What are the Best Platforms for DIY IoT and Smart Devices?
If you like to do things your self, it's possible you've thought of creating a smart or Internet of Things (IoT) device that responds to your specific needs. While there exist many commercial options that have come down in cost significantly in the last few years, there are cases where none of these will work well enough for what you need. Sometimes you might also just want to have some fun and build the solution your self, after all, that's what DIY is all about.
One question that might come up is: great, I'm ready to build my own smart device - but what controller do I use? There are many possible answers to this question, but today we're going to cover some of the most popular options that also provide the best ease of use. Note that controllers that are specially made to be smart devices haven't been included because while they may offer easier IoT integration, they have smaller communities and often cost more.
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The difference between Microcontrollers and Microprocessors
At first, the two may seem similar, but they are actually quite different in a few ways that make them distinct. The most significant difference between the two is that typically a microcontroller contains all of the things it needs to operate (such as RAM, EEPROM, ADC) within the chip its self. A microprocessor however typically has all of the components on a board that it's mounted to - just like how your desktop or laptop computer has a motherboard with the RAM, and hard drive attached directly to it.
System on a Chip (SoC) has made this distinction a bit more complicated. The idea of an SoC is to package everything needed to run a typical processor within a single chip, just like the microcontroller. In fact, one of the most popular SoCs is the Raspberry Pi - which features most of the RAM, GPU, audio chips within a single package that most will refer to as "the processor".
Some differences between a microcontroller and an SoC board
|Device||Operating System||Programming||External Components||Timings|
|Microcontroller||Bare metal (no OS)||Can be difficult; must directly interface with the processor||Code must directly interface with any external components||Can very accurately time the execution of tasks|
|Microprocessor (SoC)||Linux or other embedded OS||Plenty of libraries available to make complex tasks much easier||OS drivers often exist for any connected component, making interfacing easier||OS can interrupt any running task; difficult to time things correctly in real-time scenarios|
In the case of anyone looking to build an IoT device themselves, the decision of going with a microcontroller or a microprocessor will often come down to the required level of processing power. Does your project need a full operating system to function? If not, you are likely better off with a microcontroller simply because they are a lot less expensive. Additionally, multiple copies of the same smart device are often needed - as is the case with intelligent bulbs or lamps - which means that a lower price presents a lower barrier to entry.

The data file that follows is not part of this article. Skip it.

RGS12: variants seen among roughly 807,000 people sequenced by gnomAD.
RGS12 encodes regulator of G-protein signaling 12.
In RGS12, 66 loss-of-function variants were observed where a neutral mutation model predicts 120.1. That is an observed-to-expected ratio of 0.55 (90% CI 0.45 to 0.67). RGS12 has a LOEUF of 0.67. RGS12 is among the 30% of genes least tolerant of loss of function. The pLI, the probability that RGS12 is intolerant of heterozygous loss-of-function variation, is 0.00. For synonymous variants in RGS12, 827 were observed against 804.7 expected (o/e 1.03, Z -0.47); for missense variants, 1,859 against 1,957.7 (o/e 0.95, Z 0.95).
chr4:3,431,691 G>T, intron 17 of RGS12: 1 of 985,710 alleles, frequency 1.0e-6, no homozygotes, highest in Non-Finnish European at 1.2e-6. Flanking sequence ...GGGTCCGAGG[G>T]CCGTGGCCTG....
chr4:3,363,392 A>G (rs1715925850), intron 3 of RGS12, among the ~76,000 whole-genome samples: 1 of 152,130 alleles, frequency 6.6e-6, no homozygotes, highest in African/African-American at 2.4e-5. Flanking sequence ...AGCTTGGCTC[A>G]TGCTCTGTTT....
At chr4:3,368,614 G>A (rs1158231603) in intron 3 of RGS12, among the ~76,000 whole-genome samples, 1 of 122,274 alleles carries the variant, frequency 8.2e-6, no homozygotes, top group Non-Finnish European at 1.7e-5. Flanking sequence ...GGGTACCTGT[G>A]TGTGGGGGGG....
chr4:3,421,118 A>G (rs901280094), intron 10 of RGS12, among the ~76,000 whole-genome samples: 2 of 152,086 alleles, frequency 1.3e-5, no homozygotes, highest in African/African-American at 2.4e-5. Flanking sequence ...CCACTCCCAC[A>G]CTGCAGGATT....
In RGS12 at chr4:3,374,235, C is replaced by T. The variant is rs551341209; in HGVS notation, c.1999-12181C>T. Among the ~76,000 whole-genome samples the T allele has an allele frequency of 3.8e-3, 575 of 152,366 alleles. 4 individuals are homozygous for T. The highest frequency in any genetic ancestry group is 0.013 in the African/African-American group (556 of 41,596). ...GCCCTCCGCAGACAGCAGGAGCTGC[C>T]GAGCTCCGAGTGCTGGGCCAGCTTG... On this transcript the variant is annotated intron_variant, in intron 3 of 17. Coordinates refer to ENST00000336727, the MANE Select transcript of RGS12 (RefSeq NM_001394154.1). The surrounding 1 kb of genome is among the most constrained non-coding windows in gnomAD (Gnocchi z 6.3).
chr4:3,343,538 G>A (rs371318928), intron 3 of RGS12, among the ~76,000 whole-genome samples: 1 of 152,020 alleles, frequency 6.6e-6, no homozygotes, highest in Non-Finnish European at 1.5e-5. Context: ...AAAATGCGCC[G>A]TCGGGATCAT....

Microcontrollers for IoT devices
Microcontrollers are great for creating smart devices primarily because they are relatively simple compared to a full-fledged computer, and can often be found for some low prices. I personally have always used a microcontroller in one way or another to create the smart devices I use, and they've never failed me.
The classic microcontroller that seems to have been around forever. This is a solid choice when it comes to any DIY project. From its a massive community of users that have answered countless questions and provided thousands of libraries, to it's easy to use IDE - Arduino has always been a strong player in the microcontroller industry. In the world of DIY smart devices; however, it starts to have a harder time keeping its title as the best option.
- The Arduino comes in so many different sizes and layouts that there is almost a board for every use case - and that's without counting all of the clone boards that aren't officially considered to be "Arduino" but still use the ATmega chip.
- Arduino's IDE is easy to use and has countless libraries developed for it.
- Seemingly endless supply of online tutorials
- Can be quite expensive. Uno is currently listed at around 23$ per board on the official store. Clones may offer a lower price, but they also aren't technically "Arduino".
- No network capabilities built-in. This is huge for IoT and smart devices, they must WiFi or a LAN connection to be useful - but the Arduino comes with none of those unless you are going to spend more money on a YÚN board or a shield.
- Other than the Nano, the boards can be quite large as well. This can be a problem if they will be used in smaller devices.
- RAM and flash memory are a bit small for IoT uses. The libraries required to do any IoT work will quickly use up a lot of the available memory, leaving little for your actual program.